A director at one private equity house that has been visited by the FSA says: “They came for a day to talk about financial crime, including money laundering but also fraud and whether someone at the house could take investors for a ride. They actually seemed like sensible people who did not have an axe to grind but were genuinely trying to find out more about how we operated.”

He says he does not expect the FSA to call for more transparency and disclosure: “Apart from venture capital trusts it’s pretty much an institutional investor market and the banks, insurance companies and pension funds know what they’re doing.”

On the issue of whether high levels of leverage are potentially destabilising for the financial sector the director says: “There always have been and always will be some deals that go wrong and if debt levels are high then those deals may go wrong more quickly and be harder to rescue, but I don’t agree that they are making the financial markets less stable.”

Peter Linthwaite, chief executive of the BVCA, says that even though there has been an increase in debt levels in private equity deals, it is still a relatively small part of overall debt especially when compared with consumer debt. “Also, these days the banks are generally not exposed to very high debt in a particular transaction, because of syndication.”

EVCA’s Perrettson recognises that there has been an increase in leverage in European buyouts but says the increase has been lower than many people realise and that there is no “domino effect” waiting to happen. According to Thomson Financial figures, he says, average debt-Ebidta ratios on those deals that disclosed debt levels only increased from 4.1 to 4.9 in the last two years. Other research, on exit prospects, has actually showed that portfolio write-offs fell between 2001 and 2005.

“When you dig down into the facts it’s clear that there’s no bubble of debt waiting to burst,” says Perrettson.

Peter Linthwaite appears relaxed about the FSA probe and says he understands how, with the growth in private equity and its high media profile, the authority felt it needed to increase its knowledge.

“They want to understand how the private equity model works and the inter-relationship between private equity, debt and the public markets – it’s a kind of cross-market review to ensure that they’re meeting their aim of financial market stability.”

The increasing trend of private equity investors to acquire listed companies has triggered the FSA’s interest in the relationship between the two markets and whether there is any negative impact on the public market.

Linthwaite says the two markets operate in a mutually beneficial way and that private equity actually benefits from a strong public market. In any case, he says, the influence of private equity over the public markets waxes and wanes: “If you opened up a newspaper six months ago there were endless stories about how private equity was aiming to take over this or that public company, but in the last month the same articles have been talking about how private equity bids are being rebuffed.”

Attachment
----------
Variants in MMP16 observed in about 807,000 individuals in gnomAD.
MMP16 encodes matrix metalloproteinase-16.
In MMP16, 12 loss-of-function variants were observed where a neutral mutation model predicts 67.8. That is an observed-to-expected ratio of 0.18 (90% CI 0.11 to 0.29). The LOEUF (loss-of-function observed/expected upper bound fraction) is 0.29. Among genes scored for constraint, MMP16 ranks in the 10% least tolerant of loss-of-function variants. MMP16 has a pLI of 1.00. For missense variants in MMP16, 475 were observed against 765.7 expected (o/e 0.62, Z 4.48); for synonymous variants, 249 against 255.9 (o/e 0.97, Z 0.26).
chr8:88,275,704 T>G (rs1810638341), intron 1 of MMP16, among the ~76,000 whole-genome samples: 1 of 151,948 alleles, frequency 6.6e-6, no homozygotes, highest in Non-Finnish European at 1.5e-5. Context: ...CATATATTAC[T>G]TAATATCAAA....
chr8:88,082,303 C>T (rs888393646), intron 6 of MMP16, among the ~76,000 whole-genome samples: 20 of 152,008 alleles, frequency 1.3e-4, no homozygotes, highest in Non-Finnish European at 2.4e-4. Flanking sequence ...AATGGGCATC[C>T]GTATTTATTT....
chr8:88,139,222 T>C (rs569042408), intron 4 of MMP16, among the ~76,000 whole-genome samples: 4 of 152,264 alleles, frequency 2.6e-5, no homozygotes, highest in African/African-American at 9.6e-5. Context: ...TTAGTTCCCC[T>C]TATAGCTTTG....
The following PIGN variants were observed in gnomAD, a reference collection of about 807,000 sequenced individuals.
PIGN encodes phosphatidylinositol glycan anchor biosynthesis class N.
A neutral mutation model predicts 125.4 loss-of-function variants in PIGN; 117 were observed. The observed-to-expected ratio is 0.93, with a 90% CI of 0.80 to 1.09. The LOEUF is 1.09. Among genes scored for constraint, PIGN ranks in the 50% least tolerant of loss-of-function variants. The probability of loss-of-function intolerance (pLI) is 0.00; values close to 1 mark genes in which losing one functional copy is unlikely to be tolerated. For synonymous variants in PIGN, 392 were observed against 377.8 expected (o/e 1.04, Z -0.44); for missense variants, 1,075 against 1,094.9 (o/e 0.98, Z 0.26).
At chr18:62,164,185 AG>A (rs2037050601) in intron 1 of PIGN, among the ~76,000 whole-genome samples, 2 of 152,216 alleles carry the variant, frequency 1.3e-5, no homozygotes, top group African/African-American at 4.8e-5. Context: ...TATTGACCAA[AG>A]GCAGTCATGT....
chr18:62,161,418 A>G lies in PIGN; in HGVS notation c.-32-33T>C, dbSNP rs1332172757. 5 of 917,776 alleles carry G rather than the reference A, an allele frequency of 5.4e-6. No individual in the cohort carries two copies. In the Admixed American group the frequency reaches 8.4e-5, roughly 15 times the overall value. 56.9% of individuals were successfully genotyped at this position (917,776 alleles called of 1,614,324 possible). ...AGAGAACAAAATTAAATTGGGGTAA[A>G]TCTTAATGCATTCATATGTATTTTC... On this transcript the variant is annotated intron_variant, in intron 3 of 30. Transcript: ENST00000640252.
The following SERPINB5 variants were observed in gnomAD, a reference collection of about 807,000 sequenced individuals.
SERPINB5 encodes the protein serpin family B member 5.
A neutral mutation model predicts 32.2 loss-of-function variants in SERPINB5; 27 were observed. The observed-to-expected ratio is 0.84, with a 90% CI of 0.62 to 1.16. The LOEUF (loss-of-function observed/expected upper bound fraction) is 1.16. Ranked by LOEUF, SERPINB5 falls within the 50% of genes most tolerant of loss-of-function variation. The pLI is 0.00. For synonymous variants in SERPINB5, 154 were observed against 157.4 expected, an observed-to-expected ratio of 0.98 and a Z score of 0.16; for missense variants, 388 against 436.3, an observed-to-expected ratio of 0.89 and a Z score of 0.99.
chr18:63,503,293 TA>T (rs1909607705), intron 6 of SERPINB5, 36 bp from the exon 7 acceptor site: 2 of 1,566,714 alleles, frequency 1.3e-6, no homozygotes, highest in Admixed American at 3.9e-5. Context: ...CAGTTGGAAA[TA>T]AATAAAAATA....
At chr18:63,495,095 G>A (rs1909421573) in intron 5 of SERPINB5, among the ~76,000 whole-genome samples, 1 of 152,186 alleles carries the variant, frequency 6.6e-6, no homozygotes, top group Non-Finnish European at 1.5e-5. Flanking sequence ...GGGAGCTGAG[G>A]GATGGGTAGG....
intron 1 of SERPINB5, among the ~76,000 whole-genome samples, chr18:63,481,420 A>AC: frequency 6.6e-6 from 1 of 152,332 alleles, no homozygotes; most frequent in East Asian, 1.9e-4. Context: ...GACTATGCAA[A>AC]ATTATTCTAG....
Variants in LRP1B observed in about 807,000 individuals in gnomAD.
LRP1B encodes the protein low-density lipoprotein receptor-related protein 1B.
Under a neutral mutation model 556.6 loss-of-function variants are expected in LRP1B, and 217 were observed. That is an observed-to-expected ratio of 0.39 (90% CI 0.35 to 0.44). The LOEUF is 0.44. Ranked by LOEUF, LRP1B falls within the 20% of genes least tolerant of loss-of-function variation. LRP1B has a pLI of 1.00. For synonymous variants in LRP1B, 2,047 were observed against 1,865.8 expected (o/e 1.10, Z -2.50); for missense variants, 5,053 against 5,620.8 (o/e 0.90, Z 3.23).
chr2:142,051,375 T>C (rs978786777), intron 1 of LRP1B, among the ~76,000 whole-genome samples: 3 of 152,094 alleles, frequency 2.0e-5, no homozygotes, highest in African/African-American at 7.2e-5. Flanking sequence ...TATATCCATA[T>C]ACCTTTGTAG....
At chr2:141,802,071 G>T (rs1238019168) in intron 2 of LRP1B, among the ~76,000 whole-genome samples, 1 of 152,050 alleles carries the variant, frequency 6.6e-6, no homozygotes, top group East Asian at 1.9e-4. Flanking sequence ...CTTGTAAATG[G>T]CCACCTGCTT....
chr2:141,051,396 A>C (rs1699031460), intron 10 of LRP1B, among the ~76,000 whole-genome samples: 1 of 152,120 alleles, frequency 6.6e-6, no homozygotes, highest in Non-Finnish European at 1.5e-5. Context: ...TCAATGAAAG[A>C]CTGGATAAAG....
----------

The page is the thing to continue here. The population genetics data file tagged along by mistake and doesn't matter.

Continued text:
There will always be opportunities for private equity investors to identify opportunities in listed companies, which those companies’ shareholders may not see, and that that is how it should be, says Linthwaite.

Tom Whelan, a partner at law firm DLA Piper, says that any FSA increase in regulation in order to protect the public market could end up having the opposite effect.

Shareholders of a listed company who decide to sell to private equity get what they see as a good price, he says: “If the FSA ends up increasing regulation on issues like gearing, so that it’s harder for private equity houses to acquire public companies then there will be less demand for those companies and therefore lower returns for the shareholders in the public market.”

What the FSA ends up proposing remains to be seen, although it seems likely that some changes will be proposed if only to justify the effort of such an inquiry. “The FSA will draw together its conclusions from meetings with private equity houses, intermediaries and debt providers and will then flag up the issues, if there are any, that it believes warrant further study,” says Linthwaite.

Some believe that the most likely area where the FSA could seek change is in the transparency and disclosure area, although clearly the FSA would need to be very careful in any increase in regulation so as not to jeopardise private equity in the UK, which many see as one of the most dynamic areas of the UK economy.

Paul Hastings’ Kathryn Brown says: “There is a tension between how much information a private equity fund should release to LPs, or the public, in the interests of transparency, and how much information the fund should be allowed to retain in the interests of commercial performance. It will be interesting to see what view the FSA takes on striking the right balance between the two.”